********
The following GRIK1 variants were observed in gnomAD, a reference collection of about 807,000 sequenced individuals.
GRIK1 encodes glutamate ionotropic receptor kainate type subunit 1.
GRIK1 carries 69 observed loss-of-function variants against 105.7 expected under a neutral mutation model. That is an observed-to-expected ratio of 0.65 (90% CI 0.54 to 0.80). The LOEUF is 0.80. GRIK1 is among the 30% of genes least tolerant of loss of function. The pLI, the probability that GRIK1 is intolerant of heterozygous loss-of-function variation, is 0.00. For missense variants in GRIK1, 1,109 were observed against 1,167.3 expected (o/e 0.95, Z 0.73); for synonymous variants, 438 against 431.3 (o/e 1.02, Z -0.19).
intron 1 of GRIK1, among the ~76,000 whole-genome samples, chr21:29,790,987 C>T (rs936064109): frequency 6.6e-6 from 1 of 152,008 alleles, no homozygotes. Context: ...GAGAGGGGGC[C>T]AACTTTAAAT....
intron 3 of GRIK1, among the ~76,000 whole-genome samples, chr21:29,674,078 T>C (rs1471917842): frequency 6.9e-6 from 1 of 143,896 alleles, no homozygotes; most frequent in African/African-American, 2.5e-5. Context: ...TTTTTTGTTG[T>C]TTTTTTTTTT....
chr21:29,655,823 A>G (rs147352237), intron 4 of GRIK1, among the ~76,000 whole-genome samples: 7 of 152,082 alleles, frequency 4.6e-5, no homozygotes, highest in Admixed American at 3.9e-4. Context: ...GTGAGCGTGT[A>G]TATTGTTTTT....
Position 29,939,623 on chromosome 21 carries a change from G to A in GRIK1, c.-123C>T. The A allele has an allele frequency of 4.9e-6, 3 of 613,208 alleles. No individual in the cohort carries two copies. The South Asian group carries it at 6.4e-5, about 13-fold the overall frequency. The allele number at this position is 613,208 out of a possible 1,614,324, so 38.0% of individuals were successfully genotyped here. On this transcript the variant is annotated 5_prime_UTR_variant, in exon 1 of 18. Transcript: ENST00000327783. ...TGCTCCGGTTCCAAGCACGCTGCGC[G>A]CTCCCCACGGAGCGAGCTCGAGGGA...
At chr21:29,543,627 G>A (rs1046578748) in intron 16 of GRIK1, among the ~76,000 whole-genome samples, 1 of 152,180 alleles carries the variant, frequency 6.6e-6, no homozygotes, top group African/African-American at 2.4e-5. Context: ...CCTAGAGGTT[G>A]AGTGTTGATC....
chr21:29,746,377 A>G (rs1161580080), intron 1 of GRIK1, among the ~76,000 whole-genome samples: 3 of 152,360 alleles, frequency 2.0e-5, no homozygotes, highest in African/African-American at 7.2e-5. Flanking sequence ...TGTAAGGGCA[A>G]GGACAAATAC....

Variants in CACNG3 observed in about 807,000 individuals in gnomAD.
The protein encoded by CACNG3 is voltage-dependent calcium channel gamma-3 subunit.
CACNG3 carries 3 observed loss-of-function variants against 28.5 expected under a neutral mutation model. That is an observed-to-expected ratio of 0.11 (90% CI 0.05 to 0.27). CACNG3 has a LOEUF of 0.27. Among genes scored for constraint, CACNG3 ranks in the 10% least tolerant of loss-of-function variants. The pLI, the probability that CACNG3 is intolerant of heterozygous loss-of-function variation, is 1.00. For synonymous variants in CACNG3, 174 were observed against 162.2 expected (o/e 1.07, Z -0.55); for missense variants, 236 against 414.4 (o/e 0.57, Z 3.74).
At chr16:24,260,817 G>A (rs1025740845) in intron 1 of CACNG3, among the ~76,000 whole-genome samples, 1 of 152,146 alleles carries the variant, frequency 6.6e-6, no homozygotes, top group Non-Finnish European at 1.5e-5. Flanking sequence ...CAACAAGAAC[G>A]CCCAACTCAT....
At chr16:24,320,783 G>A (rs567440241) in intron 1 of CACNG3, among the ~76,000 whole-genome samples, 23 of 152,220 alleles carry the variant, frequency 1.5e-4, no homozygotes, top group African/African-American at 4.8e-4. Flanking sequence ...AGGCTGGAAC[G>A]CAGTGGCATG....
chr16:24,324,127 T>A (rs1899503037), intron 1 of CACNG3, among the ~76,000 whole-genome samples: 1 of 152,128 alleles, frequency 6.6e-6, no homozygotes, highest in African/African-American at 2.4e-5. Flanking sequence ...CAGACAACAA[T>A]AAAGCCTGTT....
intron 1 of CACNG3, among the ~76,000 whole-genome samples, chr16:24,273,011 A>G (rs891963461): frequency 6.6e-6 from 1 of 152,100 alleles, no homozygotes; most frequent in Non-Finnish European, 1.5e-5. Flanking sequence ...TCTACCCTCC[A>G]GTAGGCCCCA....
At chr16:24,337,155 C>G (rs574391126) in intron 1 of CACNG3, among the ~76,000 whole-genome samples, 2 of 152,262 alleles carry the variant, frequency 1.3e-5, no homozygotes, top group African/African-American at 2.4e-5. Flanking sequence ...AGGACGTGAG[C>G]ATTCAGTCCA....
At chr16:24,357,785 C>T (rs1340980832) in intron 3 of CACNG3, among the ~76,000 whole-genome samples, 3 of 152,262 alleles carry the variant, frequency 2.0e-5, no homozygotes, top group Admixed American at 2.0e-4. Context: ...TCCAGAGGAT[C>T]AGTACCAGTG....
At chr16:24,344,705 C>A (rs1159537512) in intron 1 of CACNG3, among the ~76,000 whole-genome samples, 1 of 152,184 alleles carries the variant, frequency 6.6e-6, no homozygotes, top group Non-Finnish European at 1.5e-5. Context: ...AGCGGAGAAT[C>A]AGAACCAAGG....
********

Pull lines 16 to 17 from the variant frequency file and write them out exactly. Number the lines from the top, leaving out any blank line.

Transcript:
intron 1 of CACNG3, among the ~76,000 whole-genome samples, chr16:24,273,011 A>G (rs891963461): frequency 6.6e-6 from 1 of 152,100 alleles, no homozygotes; most frequent in Non-Finnish European, 1.5e-5. Flanking sequence ...TCTACCCTCC[A>G]GTAGGCCCCA....
At chr16:24,337,155 C>G (rs574391126) in intron 1 of CACNG3, among the ~76,000 whole-genome samples, 2 of 152,262 alleles carry the variant, frequency 1.3e-5, no homozygotes, top group African/African-American at 2.4e-5. Flanking sequence ...AGGACGTGAG[C>G]ATTCAGTCCA....